This is a high quality kit. It’s the Stag’s Leap Merlot with skins. I am more than happy to give it as much time as it needs. I am in no rush. I am interested in getting a second and third batch going so that I can learn more. I think I may lean toward a high end kit that doesn’t involve as much oak in the style to compare. Perhaps some kind of Barolo.

I bought these three books:

“The Joy of Home Winemaking” - Terry Garey
“The Complete Guide to Making Your Own Wine At Home” - John Peragine
“The Home Winemaker’s Companion” - Gene Spaziani

I do think the progression of kits to juice to grapes makes the most sense. Although I’ve met a few winemakers in the area (I’m near Woodinville) who have gone straight into the deep end. Maybe that’s a bad idea. I certainly don’t have the facilities right now to crush my own fruit.

I think the carboy was sitting at around 5.3 gallons or so. I believe I did add water before pitching the yeast, although I perhaps lost some wine in the various rackings and taking samples with my wine thief. The bottles are 750 ml, I ended up with 23 and a half bottles. Maybe I didn’t add enough water? I don’t remember. Next time I’m going to take copious notes.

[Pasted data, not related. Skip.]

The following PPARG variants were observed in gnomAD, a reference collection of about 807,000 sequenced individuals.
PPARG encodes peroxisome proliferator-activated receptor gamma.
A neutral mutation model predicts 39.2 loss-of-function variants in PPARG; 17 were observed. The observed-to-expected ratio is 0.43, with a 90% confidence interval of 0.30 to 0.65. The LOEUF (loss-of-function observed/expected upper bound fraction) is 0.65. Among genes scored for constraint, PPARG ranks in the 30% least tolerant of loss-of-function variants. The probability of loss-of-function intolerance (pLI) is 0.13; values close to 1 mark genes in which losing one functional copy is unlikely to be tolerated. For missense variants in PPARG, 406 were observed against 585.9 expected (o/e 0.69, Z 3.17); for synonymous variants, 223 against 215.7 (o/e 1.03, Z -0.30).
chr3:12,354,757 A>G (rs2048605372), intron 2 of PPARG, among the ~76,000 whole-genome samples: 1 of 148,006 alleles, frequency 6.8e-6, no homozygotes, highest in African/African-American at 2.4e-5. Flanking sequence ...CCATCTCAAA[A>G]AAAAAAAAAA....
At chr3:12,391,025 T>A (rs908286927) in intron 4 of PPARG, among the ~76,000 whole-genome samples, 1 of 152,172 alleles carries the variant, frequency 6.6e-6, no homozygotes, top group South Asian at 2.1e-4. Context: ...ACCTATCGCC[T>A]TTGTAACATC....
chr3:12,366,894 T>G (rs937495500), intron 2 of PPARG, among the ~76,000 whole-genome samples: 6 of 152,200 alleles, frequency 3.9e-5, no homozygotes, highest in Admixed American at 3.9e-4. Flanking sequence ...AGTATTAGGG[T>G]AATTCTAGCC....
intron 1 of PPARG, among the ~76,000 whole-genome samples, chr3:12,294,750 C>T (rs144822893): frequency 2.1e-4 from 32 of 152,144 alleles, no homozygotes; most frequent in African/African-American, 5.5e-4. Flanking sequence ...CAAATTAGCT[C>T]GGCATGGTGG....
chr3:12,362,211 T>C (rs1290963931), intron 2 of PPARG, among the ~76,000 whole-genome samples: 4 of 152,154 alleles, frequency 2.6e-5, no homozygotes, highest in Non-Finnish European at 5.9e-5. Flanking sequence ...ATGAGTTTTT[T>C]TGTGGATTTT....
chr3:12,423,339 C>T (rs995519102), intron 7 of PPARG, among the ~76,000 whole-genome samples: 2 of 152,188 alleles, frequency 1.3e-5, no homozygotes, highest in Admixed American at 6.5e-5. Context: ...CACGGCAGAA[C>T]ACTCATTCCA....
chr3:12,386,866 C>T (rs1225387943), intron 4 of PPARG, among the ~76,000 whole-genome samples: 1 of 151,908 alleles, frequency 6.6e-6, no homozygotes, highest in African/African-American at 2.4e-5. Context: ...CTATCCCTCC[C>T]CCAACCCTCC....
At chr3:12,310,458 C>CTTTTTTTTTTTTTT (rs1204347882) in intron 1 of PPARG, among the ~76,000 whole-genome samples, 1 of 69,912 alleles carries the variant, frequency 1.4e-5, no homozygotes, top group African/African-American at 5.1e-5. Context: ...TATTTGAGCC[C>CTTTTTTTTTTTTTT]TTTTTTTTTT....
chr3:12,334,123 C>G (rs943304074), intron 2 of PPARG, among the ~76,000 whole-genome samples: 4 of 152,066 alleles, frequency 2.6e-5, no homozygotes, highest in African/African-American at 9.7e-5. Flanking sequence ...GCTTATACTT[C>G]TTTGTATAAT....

Also I did add extra metabisulfite a month ago so it should be good for aging a while.

[quote=“BrandonReinhart”]I think the carboy was sitting at around 5.3 gallons or so. I believe I did add water before pitching the yeast, although I perhaps lost some wine in the various rackings and taking samples with my wine thief. The bottles are 750 ml, I ended up with 23 and a half bottles. Maybe I didn’t add enough water? I don’t remember. Next time I’m going to take copious notes.

Also I did add extra metabisulfite a month ago so it should be good for aging a while.[/quote]
Check the kit notes again. Most kits are for six gallons.